– The French speaking Normans gave English 10,000 words (3/4 of which are still in use)
– Just about all our words related to government (except King and Queen), the law, the arts,
medicine, high fashion, and the military are French
• Bacon, beef, butcher, button, court, crime, curfew, defeat, eagle, fashion, felony,
fraud, gallon, grammar, injury, joy, judge, jury, justice, lever, liberty, marriage, noun,
nurse, parliament, pork, prison, question, rape, river, salary, shop, spy, squirrel,
syllable, tax, virgin
• D. The Blending of the Two Worlds (and languages)
To this day, French sounds like the
language of the rich and ruling class:
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adieu
à la carte
à propos
avant-garde
bon appétit
bon voyage
debutante
déjà vu
esprit de corps
Fiancé (he) fiancée (she)
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hors d'oeuvre
laissez-faire
nouveau riche
papier mâché
protégé
risqué
RSVP
touché
Cooking terms: blanch (from
blanchir => to bleach), sauté (fried
over high heat), fondue (melted),
purée (crushed), flambée (burned)
The 1066 Battle of Hastings
William the Conqueror (French)
Defeated the Saxons (Germans)
Some Other Influences
that Changed English
(and you)
Other Contributions to English
• Shakespeare
– Used 34,000 words—8% were never used before
• Average educated 16,000 / King James Bible 8,000
– Coined 2,000 words: barefaced, critical, leapfrog,
monumental, castigate, majestic, obscene, frugal,
radiance, dwindle, countless, submerged, excellent,
fretful, gust, hint, hurry, lonely, summit, pendant,
obscene, and some 1, 685 others
– Coined many Phrases: One fell swoop, In my minds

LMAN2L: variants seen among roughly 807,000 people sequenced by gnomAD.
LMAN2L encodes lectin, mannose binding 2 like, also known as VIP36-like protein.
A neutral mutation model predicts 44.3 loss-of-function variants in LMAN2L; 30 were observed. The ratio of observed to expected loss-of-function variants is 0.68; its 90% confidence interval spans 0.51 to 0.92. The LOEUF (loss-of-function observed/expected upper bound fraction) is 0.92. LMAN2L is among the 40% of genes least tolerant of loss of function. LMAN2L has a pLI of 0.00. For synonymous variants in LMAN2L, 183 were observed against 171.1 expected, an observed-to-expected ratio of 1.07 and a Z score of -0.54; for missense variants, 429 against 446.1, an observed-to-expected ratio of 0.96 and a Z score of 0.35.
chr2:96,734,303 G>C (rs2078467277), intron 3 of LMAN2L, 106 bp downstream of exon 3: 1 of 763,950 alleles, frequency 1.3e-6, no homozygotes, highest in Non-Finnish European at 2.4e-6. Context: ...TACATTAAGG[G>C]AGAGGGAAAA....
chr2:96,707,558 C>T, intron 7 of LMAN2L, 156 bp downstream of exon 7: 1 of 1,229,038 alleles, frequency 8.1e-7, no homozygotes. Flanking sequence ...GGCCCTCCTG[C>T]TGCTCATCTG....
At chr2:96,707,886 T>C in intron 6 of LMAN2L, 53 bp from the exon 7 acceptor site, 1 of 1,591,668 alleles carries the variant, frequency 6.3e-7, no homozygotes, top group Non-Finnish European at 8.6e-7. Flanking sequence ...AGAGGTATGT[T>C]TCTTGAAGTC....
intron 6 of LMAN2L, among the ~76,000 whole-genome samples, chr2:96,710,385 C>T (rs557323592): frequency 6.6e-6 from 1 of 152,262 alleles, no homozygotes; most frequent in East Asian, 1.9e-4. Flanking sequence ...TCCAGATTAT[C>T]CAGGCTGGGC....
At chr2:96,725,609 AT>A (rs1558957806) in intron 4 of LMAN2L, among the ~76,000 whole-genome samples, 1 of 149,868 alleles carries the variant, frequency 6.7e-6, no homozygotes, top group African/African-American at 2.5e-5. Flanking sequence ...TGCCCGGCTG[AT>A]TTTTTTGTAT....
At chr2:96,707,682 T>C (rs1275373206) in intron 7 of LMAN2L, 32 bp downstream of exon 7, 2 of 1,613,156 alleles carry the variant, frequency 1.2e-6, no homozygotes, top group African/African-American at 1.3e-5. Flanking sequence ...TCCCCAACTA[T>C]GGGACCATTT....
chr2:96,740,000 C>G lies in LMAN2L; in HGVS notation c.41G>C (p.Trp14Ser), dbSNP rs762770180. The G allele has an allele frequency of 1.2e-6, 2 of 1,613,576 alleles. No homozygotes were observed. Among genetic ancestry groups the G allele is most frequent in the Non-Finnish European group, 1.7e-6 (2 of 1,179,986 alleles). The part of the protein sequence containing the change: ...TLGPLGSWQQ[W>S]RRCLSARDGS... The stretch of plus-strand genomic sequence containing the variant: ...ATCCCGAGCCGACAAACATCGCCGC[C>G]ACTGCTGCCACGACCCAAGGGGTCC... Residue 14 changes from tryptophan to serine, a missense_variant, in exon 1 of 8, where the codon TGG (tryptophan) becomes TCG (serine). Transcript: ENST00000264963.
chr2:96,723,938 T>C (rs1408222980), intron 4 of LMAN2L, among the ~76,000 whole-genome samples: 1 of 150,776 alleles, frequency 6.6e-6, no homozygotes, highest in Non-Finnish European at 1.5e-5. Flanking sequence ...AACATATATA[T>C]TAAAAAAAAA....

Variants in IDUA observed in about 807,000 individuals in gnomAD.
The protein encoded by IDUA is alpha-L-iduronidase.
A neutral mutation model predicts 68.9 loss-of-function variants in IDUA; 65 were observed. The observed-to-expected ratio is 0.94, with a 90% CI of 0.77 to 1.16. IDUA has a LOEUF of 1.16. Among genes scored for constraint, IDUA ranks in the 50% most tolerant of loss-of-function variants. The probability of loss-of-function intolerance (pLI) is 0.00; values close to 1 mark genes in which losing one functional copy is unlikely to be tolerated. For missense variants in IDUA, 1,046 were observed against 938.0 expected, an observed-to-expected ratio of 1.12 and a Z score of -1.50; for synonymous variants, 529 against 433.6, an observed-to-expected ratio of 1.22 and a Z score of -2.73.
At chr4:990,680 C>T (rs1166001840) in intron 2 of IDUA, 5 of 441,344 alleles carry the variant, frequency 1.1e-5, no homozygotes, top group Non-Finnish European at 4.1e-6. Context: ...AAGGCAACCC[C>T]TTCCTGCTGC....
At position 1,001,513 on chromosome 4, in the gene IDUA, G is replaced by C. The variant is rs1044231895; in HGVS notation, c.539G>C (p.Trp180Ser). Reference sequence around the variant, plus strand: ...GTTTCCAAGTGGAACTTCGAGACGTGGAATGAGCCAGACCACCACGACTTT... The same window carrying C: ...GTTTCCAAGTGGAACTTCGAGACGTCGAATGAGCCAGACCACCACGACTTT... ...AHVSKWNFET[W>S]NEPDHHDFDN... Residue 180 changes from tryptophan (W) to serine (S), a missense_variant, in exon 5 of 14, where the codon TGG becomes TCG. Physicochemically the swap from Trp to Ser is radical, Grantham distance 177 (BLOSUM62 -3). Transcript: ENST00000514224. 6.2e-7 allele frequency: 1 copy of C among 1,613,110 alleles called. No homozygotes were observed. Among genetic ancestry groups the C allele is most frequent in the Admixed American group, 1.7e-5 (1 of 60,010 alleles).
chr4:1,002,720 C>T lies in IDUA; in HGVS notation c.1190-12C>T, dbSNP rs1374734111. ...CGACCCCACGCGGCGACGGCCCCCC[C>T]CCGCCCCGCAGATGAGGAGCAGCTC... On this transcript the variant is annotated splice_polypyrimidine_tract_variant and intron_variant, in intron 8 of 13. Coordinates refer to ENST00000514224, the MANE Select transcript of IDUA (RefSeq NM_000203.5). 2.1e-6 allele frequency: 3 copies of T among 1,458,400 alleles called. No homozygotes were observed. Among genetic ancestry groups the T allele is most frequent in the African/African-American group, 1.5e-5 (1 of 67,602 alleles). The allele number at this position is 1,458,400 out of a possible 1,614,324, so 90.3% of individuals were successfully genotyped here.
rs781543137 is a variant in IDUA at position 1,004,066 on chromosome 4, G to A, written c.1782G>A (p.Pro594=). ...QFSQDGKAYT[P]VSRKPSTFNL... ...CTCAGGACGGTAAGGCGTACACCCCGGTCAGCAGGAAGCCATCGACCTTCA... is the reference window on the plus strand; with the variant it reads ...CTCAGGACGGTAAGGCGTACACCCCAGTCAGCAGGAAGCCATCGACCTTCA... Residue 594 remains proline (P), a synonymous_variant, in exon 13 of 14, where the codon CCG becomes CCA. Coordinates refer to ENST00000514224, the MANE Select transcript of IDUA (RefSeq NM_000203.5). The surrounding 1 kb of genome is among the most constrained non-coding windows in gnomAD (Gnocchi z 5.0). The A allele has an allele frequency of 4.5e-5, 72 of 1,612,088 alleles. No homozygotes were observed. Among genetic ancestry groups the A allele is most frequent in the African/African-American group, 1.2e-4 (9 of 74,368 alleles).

eye, To be in a pickle, Vanish into thin air, Budge an
inch, Play fast and loose, Flesh and Blood, To be or not
to be, Foul play, Cruel to be kind
I am the man
Other Worldly Contributions to
English
• Algonquin
• Arabic
• Caribou, Massachusetts,
Missouri, moccasins,
Oregon, pecan, raccoon,
tomahawk, Wisconsin,
Wyoming
• Albatross, alcohol,
algebra, almanac, assassin,
average, caramel, coffee,
cork, cotton, garbage,
giraffe, jar, magazine,
mattress, mirror, monkey,
safari, sheriff, soda, sofa,
syrup, tariff, zenith, zero
• Iroquois
• Kentucky, Ohio, Canada
Other Worldly Contributions to
English
• Dutch
• Parisian French
• Bluff, boom, booze, boss,
brandy, Brooklyn, bully,
caboose, coleslaw, cookie,
deck, decoy, dock, dot,
drill, drug, grab, Harlem,
hustle, jeer, landscape,
lottery, pickle, plug,
plump, poll, Poppycock,
quack, Santa Claus, cab,
stove, tub, waffle, wagon,
yacht, Yankee
• A la cart, ballet, biscuit,
cache, camouflage, crayon,
dentist, espionage, laissez
faire, lieutenant, maroon,
mayonnaise, nasal,
parachute, picnic, pioneer,
renaissance, rendezvous,
restaurant, sabotage, soup,
souvenir, sport, tampon,
tangerine, traffic, umpire,
unique
Other Worldly Contributions to
English
• Modern German
• Spanish
• Blitz, brake, clock,
clown, dollar,
hamburger, heroin,
kindergarten, lager,
luck, muffin, nickel,
noodle, pretzel, quartz,
rocket, vitamin, waltz
• Argentina, bonanza, canyon,